Using geometry nodes, is there any way to detect where an edge intersects with a face? It's difficult for me to explain. But I drew a picture. The gray line is merely an edge, and it intersects a face of a mesh, as indicated by the gray circle. Is there a way to get the vector of that circle? I figure if I knew what that vector was, I could move other points toward or away from it. Oh, and I would really prefer it if both the mesh and the edge are of the same object. Not two different objects. One object's edges, detecting the faces of itself.

An edge intersects the face of a mesh

  • 2
    $\begingroup$ This question is actually unusually clear. Thank you! +1. $\endgroup$
    – Robin Betts
    Commented Jul 5, 2023 at 16:07

1 Answer 1


To solve this task you could use the node Raycast.

By subtracting the two positions of your mesh line from each other you get the direction, and starting from one of the two positions you can then send a raycast to the grid.

Something like this:

enter image description here

It depends on what exactly you are planning or how you want to set this up, but in that case it seemed to make sense to me to capture the hit directly on the mesh line, convert it to a point, and then move the point to the position where the grid is hit.

(Blender 3.2+)


To solve your specific task and to be able to process everything in a single object, you would have to define more precisely what your plans are.

There are many possibilities here, and the structure of the solution depends primarily on the domain in which you need the information of the intersections.

However, I will try to illustrate a possible solution with the following example:

enter image description here

Here I use basically the same mechanism as shown in the previous example.

However, I send the raycast in the length of each edge, starting from each point, in both directions.

Thus it is possible to find also the intersections of more complex shapes (but always only maximum twice along an edge).

(Blender 3.2+)

  • $\begingroup$ That's one way of doing it. Thanks. But can you do that with only a single object? The drawing of the grid and the edge was only to simplify the idea. But think how an object might fold in on itself. Its edges would intersect it's own faces. How would you get those intersecting coordinates in that case? $\endgroup$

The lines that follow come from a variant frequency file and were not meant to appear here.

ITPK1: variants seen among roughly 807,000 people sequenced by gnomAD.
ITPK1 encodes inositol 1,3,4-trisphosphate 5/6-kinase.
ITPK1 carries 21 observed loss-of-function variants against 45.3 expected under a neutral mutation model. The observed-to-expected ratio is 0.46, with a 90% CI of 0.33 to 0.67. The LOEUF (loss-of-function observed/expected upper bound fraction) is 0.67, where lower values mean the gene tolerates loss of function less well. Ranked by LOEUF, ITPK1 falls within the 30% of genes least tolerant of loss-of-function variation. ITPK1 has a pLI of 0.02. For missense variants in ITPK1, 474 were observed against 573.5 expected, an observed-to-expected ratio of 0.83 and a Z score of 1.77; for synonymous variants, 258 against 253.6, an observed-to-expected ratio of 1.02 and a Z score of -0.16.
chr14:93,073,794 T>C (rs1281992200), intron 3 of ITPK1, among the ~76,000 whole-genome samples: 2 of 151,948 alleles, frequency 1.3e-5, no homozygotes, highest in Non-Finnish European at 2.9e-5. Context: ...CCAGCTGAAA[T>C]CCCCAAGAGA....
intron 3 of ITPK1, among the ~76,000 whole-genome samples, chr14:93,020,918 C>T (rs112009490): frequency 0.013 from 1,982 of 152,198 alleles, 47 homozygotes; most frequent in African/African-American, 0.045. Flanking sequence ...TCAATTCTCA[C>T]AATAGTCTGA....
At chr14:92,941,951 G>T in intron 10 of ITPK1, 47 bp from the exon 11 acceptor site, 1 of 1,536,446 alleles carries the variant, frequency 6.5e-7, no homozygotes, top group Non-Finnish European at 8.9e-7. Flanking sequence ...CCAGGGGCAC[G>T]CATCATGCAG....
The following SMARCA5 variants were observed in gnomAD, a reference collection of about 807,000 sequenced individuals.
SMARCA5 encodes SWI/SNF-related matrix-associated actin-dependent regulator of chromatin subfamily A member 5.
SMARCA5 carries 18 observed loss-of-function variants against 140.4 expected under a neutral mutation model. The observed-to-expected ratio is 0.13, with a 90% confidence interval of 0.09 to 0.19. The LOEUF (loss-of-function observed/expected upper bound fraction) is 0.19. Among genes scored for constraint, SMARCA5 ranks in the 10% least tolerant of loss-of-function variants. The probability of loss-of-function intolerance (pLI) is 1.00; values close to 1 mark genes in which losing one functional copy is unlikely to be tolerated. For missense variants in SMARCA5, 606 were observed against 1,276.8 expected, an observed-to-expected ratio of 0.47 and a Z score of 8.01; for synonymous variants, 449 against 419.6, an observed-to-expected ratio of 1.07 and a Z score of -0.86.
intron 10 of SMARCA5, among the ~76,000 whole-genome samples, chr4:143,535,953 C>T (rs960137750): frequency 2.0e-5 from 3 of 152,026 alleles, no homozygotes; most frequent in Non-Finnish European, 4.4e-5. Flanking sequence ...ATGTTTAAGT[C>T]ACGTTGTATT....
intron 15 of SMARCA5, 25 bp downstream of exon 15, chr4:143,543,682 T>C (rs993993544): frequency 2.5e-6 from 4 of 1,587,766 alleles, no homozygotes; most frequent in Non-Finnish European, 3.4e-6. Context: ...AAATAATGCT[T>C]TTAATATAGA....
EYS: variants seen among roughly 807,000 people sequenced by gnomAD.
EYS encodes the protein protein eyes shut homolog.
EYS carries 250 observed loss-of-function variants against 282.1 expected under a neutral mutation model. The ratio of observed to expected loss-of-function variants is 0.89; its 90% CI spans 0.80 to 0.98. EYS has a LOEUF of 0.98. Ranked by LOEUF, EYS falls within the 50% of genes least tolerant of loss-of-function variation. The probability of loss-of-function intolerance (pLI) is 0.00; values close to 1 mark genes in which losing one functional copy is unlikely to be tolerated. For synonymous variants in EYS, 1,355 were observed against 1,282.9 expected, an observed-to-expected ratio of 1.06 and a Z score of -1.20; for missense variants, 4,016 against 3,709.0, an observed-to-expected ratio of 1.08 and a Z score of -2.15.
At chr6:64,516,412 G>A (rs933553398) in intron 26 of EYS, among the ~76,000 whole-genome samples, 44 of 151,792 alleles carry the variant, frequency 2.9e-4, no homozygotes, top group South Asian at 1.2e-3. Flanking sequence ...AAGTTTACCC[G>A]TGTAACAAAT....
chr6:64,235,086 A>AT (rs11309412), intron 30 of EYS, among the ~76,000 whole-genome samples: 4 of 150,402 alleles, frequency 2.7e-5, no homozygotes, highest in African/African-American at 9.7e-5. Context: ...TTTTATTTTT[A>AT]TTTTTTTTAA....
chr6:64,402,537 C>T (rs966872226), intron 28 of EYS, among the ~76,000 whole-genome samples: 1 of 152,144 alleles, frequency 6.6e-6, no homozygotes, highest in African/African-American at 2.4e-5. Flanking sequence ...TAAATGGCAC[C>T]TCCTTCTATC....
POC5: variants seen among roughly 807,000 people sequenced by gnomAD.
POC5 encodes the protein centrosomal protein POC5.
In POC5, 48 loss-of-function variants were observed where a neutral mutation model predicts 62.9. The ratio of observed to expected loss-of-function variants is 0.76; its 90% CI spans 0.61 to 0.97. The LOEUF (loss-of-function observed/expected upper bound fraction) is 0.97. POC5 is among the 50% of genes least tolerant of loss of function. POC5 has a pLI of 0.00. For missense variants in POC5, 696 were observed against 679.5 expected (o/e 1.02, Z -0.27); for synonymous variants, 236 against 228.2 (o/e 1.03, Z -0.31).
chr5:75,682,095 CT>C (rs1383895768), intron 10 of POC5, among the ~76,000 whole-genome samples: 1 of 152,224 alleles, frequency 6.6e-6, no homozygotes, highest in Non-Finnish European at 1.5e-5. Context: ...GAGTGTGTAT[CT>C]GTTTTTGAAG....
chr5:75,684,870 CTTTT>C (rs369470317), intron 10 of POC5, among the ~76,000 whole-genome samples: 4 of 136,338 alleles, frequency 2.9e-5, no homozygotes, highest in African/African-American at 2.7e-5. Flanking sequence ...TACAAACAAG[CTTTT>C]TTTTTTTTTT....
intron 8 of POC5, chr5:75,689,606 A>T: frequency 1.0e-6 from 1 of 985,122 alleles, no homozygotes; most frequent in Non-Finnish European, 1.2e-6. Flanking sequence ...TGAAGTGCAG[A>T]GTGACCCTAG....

– Smeebit
    Commented Jul 5, 2023 at 18:09
  • $\begingroup$ @Smeebit Well, there are many possibilities. To be able to answer your question more precisely, one would have to know more about your use case, but I have now tried to illustrate another possibility in an update. $\endgroup$
    – quellenform
    Commented Jul 5, 2023 at 18:58
  • $\begingroup$ The update is very good. I would have never in a million years thought to do any of that. It's going to take me a while to even wrap my head around what you did exactly. So I'm just going to play with this node tree for a while. In the mean time, I'll tell you what I'm attempting. Ultimately, I'm thinking of a method for simple self collision. I figure that if the edges can detect when they're intersecting faces, then from there, the vertices of the edges could be moved either back or forward to a point where they no longer intersect. The whole idea is very slippery in my head. $\endgroup$
    – Smeebit
    Commented Jul 5, 2023 at 22:13
  • $\begingroup$ @Smeebit Ah, now I understand, that sounds interesting! However, for this I would recommend you to create a new question in order not to steer this topic ("How do I get the coordinate where an edge intersects a face using geometry nodes? ") into another direction. You can then refer to this thread for a better explanation. $\endgroup$
    – quellenform
    Commented Jul 5, 2023 at 22:31
  • $\begingroup$ After months of experimentation, I'm almost entirely certain that raycasting won't serve my purposes. Would you happen to know a way to attain the "hit position" without raycasting? Any way through curve or mesh, of getting the vector where an edge intersects with a face. Perhaps there is a way to do it with math? Please and thanks. $\endgroup$
    – Smeebit
    Commented Nov 18, 2023 at 7:31

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